Trump vows to raise election meddling during meeting with Putin

Trump vows to raise election meddling during meeting with Putin
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President TrumpDonald TrumpCaitlyn Jenner says election was not 'stolen,' calls Biden 'our president' Overnight Health Care: FDA authorizes Pfizer vaccine for adolescents | Biden administration reverses limits on LGBTQ health protections Overnight Defense: US fires 30 warning shots at Iranian boats | Kabul attack heightens fears of Afghan women's fates | Democratic Party leaders push Biden on rejoining Iran deal MORE said early Thursday that he will raise election meddling during a meeting next week with Russian President Vladimir Putin.

“I think we go into that meeting not looking for so much. We want to find out about Syria. We will of course ask your favorite question about meddling. I will be asking that question again,” Trump said at a news conference at the end of a tumultuous NATO summit in Brussels.


Trump also said Putin may deny meddling in the 2016 election when they meet on Monday in Helsinki, Finland.

“What am I going to do? He may deny it,” Trump said.

“All I can say is ‘Did you?’ and ‘Don’t do it again.’ ”

Trump called Putin a “competitor,” adding that “he’s not my enemy.”

“Is he a friend? No, I don't know him well enough. But the couple of times that I've gotten to meet him, we got along well... I hope we get along well.”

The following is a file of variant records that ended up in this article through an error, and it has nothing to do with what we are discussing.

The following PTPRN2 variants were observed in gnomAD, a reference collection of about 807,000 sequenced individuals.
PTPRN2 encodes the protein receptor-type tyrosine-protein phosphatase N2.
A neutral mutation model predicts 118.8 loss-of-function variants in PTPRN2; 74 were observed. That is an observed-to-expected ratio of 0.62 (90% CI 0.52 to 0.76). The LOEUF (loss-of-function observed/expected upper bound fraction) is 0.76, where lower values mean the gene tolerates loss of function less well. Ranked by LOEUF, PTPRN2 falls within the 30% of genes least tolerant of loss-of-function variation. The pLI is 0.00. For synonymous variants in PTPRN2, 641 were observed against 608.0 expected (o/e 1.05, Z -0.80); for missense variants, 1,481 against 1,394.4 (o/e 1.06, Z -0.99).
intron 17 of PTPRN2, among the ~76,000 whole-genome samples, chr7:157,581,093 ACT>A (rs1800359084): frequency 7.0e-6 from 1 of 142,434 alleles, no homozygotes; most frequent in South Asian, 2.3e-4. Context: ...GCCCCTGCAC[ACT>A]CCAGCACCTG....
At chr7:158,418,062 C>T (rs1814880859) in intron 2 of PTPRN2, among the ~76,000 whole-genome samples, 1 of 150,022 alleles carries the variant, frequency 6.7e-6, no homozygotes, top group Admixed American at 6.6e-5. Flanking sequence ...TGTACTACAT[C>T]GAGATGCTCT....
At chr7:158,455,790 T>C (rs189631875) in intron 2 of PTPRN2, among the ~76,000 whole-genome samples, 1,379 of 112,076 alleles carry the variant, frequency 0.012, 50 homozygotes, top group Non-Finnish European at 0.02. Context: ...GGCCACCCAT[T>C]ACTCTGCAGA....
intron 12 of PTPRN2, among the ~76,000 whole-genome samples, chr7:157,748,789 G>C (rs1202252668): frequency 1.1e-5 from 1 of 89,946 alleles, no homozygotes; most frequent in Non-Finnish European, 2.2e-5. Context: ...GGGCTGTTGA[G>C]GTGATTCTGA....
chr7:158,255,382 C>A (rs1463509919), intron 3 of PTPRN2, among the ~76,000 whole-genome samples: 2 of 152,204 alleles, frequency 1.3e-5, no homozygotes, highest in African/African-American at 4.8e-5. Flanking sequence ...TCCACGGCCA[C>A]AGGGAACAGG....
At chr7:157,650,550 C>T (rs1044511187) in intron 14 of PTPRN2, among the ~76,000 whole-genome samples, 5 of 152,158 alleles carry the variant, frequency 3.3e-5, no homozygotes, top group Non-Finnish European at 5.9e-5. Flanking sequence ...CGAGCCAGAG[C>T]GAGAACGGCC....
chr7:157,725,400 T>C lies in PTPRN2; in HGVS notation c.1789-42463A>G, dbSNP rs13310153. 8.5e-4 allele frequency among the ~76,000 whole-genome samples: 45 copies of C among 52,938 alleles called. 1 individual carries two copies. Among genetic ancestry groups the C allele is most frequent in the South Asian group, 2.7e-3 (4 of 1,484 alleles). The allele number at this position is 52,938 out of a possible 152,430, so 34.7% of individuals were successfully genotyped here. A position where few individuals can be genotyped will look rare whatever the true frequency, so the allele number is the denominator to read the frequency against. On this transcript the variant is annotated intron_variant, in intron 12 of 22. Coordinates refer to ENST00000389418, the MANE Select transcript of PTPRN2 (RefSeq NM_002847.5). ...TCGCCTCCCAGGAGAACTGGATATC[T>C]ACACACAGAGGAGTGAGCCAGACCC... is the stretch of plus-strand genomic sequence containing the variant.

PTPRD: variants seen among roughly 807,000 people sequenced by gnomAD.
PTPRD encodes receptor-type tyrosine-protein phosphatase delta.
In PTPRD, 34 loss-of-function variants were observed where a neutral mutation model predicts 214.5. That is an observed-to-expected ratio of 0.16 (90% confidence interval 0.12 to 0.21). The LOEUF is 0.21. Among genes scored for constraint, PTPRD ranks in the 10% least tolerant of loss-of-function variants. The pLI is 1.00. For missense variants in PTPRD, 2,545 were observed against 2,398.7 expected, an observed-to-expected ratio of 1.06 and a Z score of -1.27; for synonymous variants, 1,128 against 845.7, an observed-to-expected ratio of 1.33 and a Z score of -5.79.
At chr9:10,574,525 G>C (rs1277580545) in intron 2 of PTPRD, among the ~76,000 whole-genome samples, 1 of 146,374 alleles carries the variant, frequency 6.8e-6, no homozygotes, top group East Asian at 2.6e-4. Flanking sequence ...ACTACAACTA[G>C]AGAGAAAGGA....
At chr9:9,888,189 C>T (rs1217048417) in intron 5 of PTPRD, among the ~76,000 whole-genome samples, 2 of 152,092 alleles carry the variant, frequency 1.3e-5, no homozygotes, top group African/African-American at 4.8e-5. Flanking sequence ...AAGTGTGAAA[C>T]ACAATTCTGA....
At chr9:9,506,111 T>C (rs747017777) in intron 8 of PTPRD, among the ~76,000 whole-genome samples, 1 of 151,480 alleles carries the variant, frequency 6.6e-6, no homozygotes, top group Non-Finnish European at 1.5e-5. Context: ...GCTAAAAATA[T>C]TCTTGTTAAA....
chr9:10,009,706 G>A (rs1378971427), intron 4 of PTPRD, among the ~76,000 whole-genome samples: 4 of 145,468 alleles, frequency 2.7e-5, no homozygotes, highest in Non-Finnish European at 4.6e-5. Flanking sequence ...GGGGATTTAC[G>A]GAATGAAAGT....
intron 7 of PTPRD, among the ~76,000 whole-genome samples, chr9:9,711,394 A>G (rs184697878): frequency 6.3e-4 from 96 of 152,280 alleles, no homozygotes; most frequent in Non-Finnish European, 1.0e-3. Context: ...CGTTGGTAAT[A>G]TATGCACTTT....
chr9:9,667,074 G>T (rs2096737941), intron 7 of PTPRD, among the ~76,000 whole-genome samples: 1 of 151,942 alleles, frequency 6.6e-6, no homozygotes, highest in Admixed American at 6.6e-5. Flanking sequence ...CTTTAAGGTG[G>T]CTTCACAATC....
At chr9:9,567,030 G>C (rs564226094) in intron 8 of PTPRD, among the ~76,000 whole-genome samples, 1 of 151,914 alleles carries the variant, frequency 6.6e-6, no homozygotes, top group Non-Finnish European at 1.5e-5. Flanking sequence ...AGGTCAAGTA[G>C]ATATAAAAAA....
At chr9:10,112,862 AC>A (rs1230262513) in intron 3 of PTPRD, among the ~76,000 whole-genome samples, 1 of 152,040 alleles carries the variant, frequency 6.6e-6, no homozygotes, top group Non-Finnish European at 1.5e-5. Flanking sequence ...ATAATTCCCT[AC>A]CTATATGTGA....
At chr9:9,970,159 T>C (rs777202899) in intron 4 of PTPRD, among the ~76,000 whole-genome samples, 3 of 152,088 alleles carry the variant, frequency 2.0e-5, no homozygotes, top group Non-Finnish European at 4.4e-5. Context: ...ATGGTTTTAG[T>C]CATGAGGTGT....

Trump is scheduled to meet with Putin on Monday in Helsinki, Finland. 

The president has at times raised eyebrows over his reluctance to criticize Putin and Russia, particularly for its role in meddling in the 2016 election. 

The U.S. intelligence committee concluded that Russia sought to aid Trump and interfere in the election. Trump has at times downplayed that conclusion, pointing to Putin's denials.

Reports indicate Trump intends to meet with Putin one-on-one with no aides present before other officials joins the meeting.

On Thursday, he said the summit won't be a "big schedule."

"I don’t think it should take a very long period of time, and we’ll see where it leads," Trump said. "But it could lead to productive - something very productive, and maybe it’s not."

--Brett Samuels contributed to this report, which was updated at 8:08 a.m.

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